Soft-tissue sarcomas are cancers that begin in the muscles, tendons, blood vessels, and tissue near joints. They can strike at any age, but are most common in children under ten.
As National Childhood Cancer Awareness Month gets underway, doctors are optimistic about a new therapy, developed to wipe out cancer, while protecting kids from life-long side-effects.
Bridget Whiston has spent most of her days over the past year a hospital. Her mother Linda said, “her stomach started blowing back up. It was hard. You knew there was something not right.”
Doctors diagnosed Bridget with rhabdomyosarcoma, the most common soft-tissue cancer in kids. It started near her liver.
Stephanie Perkins, MD, a radiation oncologist at Washington University in St. Louis School of Medicine, explained, “it’s a challenge because the tumor is right next to her heart. It’s also a challenge because this area moves as we breathe.”
Chemotherapy took the toddler’s hair, but also wiped out most of the tumor. For the remaining cancer cells, doctors used a new radiation system.
“If she takes in a deep breath and the tumor goes outside of the radiation field, the machine stops until the tumor returns back into the target,” Dr. Perkins said, explaining that this protects the healthy cells.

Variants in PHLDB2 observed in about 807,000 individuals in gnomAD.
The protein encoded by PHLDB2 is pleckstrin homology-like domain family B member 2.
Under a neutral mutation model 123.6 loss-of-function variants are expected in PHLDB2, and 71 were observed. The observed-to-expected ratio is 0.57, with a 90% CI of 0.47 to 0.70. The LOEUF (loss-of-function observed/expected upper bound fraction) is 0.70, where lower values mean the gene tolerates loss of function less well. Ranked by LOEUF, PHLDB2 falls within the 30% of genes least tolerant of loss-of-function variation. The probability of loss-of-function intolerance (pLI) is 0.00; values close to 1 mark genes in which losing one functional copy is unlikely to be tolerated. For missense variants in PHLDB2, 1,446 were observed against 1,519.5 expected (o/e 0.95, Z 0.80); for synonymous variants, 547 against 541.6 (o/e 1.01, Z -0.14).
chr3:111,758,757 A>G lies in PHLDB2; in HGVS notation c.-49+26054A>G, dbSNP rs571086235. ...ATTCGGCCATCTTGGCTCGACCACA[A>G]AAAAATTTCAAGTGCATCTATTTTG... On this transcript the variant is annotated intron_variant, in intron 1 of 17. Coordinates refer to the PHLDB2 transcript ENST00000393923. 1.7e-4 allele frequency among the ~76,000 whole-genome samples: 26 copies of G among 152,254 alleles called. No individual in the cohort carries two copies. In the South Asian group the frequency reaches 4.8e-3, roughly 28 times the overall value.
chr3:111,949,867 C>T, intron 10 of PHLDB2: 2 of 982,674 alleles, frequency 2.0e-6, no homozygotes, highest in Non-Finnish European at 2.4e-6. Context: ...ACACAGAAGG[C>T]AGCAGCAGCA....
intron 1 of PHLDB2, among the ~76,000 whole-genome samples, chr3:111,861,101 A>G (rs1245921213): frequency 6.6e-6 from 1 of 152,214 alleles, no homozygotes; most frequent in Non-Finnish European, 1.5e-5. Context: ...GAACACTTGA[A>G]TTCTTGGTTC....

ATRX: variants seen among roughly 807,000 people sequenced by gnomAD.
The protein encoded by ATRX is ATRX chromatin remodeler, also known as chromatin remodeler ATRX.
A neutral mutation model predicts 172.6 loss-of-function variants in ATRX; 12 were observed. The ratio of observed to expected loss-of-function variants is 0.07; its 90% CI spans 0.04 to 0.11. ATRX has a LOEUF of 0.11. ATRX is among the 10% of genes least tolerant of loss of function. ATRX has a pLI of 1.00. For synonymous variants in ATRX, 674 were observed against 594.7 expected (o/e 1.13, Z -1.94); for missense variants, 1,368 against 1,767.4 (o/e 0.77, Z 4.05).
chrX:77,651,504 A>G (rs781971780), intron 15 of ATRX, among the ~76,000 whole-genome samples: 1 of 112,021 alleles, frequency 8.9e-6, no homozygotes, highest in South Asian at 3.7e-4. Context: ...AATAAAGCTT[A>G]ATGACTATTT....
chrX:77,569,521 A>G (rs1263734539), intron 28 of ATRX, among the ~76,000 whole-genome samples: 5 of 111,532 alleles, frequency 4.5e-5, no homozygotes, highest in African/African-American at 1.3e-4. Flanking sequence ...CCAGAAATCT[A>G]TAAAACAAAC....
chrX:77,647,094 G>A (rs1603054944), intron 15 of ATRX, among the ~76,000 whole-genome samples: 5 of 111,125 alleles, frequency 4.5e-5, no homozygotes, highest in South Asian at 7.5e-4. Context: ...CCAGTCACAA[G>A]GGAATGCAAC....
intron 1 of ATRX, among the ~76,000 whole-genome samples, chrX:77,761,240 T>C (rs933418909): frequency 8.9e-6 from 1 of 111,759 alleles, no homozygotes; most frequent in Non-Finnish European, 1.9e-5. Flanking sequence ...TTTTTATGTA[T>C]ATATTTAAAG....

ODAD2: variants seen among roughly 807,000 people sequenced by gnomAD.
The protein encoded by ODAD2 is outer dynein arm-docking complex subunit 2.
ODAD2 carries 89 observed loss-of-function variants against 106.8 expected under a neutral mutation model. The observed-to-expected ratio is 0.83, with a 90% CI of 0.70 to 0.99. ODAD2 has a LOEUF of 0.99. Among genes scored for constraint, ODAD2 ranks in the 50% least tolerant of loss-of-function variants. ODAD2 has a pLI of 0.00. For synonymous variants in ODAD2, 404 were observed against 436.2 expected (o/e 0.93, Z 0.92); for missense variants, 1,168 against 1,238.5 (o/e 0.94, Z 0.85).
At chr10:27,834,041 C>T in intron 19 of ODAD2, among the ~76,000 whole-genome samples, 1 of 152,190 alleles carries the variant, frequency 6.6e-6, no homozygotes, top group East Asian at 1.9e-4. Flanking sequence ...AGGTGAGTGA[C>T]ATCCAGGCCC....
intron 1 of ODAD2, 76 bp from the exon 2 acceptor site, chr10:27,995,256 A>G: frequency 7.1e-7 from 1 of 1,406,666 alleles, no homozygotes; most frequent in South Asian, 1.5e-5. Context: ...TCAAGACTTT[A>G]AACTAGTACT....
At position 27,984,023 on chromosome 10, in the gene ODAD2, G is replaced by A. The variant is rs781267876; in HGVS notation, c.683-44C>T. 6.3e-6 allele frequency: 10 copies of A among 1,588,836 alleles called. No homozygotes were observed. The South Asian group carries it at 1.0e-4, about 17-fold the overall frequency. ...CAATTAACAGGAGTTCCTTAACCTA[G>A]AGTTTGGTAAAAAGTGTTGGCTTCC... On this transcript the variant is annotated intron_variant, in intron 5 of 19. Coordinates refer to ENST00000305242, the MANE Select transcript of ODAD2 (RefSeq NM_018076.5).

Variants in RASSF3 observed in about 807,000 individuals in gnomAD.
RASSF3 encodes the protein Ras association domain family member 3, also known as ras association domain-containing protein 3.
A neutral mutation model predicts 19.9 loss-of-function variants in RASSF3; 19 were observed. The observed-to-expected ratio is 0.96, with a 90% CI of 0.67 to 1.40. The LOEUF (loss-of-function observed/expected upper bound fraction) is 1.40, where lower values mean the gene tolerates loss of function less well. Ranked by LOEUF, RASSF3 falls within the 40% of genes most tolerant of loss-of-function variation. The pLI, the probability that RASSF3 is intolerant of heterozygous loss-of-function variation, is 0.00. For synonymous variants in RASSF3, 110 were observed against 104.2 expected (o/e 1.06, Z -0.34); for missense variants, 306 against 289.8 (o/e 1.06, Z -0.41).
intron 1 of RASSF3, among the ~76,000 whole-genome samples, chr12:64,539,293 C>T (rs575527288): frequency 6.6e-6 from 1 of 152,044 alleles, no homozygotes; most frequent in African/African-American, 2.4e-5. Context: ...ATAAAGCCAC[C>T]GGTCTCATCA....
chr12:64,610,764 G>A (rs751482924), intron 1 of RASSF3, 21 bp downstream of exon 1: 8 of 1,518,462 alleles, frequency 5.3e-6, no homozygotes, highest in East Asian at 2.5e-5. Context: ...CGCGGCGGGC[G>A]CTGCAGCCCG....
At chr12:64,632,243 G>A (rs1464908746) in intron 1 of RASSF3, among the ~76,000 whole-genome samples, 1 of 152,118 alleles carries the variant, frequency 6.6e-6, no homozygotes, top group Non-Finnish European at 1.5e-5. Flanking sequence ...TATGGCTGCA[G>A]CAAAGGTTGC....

Bridget’s father Jason , said, “anything that minimizes side effects, or an area of treatment that doesn’t need treatment, is huge.”
Doctors say there is every sign that, for Bridget, the precisely placed dose is working. “There’s no sign of the tumor, so that’s wonderful,” said Linda.
The Whistons hope to leave hospitals behind for good, with no lasting signs of Bridget’s battle with childhood cancer.
Dr. Perkins said before the MRIdian Radiation System, doctors would treat the sarcoma by plotting a radiation course with traditional x-ray machines. In addition, x-ray and CT scans also expose patients to additional radiation, which doctors are trying to avoid.
Because of major advances in recent decades, more than 80-percent of children with cancer now survive five years or more. But it’s still a tough battle.